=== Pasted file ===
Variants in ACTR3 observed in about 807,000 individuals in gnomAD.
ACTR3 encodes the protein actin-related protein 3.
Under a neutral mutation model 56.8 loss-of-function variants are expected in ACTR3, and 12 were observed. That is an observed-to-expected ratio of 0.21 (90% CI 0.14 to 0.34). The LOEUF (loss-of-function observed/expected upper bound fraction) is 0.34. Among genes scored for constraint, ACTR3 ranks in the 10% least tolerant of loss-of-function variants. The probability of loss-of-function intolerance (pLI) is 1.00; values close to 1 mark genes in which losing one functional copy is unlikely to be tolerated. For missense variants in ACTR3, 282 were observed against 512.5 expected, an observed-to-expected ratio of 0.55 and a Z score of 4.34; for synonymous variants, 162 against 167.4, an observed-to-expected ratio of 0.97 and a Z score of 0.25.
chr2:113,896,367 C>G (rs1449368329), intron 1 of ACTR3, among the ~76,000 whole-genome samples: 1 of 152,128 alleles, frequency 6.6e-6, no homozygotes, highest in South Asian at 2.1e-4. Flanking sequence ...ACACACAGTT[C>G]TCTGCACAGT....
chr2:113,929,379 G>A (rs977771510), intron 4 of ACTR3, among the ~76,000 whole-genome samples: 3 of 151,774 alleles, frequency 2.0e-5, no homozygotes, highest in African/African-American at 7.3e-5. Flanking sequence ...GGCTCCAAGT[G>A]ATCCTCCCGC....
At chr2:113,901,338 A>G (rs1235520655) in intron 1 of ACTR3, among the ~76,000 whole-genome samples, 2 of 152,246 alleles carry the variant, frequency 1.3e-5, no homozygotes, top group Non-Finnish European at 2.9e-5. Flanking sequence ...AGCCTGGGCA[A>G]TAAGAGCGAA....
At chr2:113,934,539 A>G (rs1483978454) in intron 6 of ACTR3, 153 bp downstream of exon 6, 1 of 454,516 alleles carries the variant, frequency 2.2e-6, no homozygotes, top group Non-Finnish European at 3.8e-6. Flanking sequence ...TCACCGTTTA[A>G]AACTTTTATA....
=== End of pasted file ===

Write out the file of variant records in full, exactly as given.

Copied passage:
Variants in ACTR3 observed in about 807,000 individuals in gnomAD.
ACTR3 encodes the protein actin-related protein 3.
Under a neutral mutation model 56.8 loss-of-function variants are expected in ACTR3, and 12 were observed. That is an observed-to-expected ratio of 0.21 (90% CI 0.14 to 0.34). The LOEUF (loss-of-function observed/expected upper bound fraction) is 0.34. Among genes scored for constraint, ACTR3 ranks in the 10% least tolerant of loss-of-function variants. The probability of loss-of-function intolerance (pLI) is 1.00; values close to 1 mark genes in which losing one functional copy is unlikely to be tolerated. For missense variants in ACTR3, 282 were observed against 512.5 expected, an observed-to-expected ratio of 0.55 and a Z score of 4.34; for synonymous variants, 162 against 167.4, an observed-to-expected ratio of 0.97 and a Z score of 0.25.
chr2:113,896,367 C>G (rs1449368329), intron 1 of ACTR3, among the ~76,000 whole-genome samples: 1 of 152,128 alleles, frequency 6.6e-6, no homozygotes, highest in South Asian at 2.1e-4. Flanking sequence ...ACACACAGTT[C>G]TCTGCACAGT....
chr2:113,929,379 G>A (rs977771510), intron 4 of ACTR3, among the ~76,000 whole-genome samples: 3 of 151,774 alleles, frequency 2.0e-5, no homozygotes, highest in African/African-American at 7.3e-5. Flanking sequence ...GGCTCCAAGT[G>A]ATCCTCCCGC....
At chr2:113,901,338 A>G (rs1235520655) in intron 1 of ACTR3, among the ~76,000 whole-genome samples, 2 of 152,246 alleles carry the variant, frequency 1.3e-5, no homozygotes, top group Non-Finnish European at 2.9e-5. Flanking sequence ...AGCCTGGGCA[A>G]TAAGAGCGAA....
At chr2:113,934,539 A>G (rs1483978454) in intron 6 of ACTR3, 153 bp downstream of exon 6, 1 of 454,516 alleles carries the variant, frequency 2.2e-6, no homozygotes, top group Non-Finnish European at 3.8e-6. Flanking sequence ...TCACCGTTTA[A>G]AACTTTTATA....